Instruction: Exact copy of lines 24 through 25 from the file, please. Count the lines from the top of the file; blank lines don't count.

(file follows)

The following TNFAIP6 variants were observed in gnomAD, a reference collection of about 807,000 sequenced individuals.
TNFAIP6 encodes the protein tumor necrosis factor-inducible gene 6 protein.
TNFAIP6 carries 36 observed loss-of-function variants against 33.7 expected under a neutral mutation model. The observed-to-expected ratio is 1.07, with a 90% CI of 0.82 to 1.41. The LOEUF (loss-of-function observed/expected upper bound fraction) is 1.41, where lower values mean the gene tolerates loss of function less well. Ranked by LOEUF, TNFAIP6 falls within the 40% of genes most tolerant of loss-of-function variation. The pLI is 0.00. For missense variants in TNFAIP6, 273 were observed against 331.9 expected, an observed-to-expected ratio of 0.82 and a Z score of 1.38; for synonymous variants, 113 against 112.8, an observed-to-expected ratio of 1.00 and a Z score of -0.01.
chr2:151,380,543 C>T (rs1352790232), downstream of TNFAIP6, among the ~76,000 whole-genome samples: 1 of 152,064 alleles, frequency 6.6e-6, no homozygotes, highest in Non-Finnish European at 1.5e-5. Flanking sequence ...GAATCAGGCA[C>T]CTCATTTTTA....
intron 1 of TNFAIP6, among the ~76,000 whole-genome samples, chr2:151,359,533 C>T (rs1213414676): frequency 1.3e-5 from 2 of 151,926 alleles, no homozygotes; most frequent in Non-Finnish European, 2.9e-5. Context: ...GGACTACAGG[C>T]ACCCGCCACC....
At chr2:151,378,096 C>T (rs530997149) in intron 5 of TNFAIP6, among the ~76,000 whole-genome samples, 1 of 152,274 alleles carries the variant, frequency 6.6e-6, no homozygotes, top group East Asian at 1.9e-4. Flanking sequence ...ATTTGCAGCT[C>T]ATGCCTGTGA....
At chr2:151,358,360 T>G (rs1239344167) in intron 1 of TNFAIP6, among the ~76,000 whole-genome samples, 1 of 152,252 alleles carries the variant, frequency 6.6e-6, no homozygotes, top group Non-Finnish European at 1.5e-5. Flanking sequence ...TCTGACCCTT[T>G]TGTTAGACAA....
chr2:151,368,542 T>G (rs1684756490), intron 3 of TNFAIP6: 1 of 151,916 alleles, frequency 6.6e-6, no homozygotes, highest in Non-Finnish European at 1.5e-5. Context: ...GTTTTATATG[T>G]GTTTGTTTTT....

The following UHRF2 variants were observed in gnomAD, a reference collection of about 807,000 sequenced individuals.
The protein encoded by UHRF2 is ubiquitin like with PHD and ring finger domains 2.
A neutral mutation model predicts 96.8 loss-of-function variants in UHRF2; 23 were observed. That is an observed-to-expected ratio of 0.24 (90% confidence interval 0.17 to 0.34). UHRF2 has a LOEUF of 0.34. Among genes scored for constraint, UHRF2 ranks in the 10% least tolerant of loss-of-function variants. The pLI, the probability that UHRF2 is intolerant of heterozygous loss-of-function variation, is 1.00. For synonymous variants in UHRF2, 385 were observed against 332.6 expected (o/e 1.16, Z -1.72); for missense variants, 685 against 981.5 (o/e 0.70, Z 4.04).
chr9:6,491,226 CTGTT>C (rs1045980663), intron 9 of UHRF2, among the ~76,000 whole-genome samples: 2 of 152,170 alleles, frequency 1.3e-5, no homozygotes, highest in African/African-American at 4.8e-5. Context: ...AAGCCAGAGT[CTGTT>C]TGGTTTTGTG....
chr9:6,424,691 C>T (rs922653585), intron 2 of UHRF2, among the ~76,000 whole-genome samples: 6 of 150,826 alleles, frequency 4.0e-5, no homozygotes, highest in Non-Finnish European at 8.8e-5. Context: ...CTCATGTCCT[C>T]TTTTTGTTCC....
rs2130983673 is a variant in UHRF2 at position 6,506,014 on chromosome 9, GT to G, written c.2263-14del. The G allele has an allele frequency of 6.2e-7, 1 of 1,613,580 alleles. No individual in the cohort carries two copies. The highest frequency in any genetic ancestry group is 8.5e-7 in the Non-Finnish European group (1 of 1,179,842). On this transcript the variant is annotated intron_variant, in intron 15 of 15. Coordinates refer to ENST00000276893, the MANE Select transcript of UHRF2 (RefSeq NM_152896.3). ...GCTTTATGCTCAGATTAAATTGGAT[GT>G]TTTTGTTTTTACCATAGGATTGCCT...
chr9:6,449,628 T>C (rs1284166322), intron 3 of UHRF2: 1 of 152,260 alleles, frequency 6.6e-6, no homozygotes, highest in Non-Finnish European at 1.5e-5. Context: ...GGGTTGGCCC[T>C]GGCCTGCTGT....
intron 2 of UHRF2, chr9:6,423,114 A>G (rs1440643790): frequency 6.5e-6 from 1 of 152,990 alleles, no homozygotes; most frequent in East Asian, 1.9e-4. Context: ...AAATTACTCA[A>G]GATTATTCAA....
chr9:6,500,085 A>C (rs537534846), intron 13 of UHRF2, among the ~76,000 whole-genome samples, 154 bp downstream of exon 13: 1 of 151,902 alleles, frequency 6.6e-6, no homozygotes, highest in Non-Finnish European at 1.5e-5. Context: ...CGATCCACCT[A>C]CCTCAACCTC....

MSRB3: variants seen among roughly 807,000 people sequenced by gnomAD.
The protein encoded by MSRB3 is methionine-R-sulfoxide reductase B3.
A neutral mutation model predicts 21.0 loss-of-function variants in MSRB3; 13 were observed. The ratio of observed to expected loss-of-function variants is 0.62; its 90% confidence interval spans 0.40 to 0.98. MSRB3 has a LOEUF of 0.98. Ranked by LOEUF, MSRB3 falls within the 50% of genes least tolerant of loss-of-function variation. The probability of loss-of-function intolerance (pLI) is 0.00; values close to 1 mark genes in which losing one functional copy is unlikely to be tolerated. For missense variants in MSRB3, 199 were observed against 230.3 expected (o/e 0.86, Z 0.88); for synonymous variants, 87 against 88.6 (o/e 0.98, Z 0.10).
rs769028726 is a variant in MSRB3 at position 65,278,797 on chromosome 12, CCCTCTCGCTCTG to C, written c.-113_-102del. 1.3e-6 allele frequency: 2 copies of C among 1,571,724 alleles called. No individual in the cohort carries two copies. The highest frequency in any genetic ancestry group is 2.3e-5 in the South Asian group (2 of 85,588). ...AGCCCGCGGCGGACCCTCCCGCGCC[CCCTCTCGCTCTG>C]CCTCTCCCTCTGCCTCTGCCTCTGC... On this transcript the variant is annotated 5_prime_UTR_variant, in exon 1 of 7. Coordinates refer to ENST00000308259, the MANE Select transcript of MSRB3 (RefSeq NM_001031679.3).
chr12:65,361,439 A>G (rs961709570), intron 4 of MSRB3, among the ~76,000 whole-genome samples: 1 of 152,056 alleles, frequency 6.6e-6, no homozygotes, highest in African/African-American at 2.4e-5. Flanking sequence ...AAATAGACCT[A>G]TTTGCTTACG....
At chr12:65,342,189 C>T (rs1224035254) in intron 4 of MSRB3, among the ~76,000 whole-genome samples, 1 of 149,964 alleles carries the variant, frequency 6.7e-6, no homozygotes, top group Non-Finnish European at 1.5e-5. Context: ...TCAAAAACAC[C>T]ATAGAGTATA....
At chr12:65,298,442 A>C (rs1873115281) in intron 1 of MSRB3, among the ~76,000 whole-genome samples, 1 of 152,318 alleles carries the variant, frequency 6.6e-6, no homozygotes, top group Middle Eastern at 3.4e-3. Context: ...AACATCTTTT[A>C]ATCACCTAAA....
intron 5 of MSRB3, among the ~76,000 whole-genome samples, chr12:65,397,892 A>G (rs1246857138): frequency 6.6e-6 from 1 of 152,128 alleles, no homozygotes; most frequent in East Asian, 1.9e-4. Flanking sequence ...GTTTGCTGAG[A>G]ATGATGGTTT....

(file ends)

At chr12:65,298,442 A>C (rs1873115281) in intron 1 of MSRB3, among the ~76,000 whole-genome samples, 1 of 152,318 alleles carries the variant, frequency 6.6e-6, no homozygotes, top group Middle Eastern at 3.4e-3. Context: ...AACATCTTTT[A>C]ATCACCTAAA....
intron 5 of MSRB3, among the ~76,000 whole-genome samples, chr12:65,397,892 A>G (rs1246857138): frequency 6.6e-6 from 1 of 152,128 alleles, no homozygotes; most frequent in East Asian, 1.9e-4. Flanking sequence ...GTTTGCTGAG[A>G]ATGATGGTTT....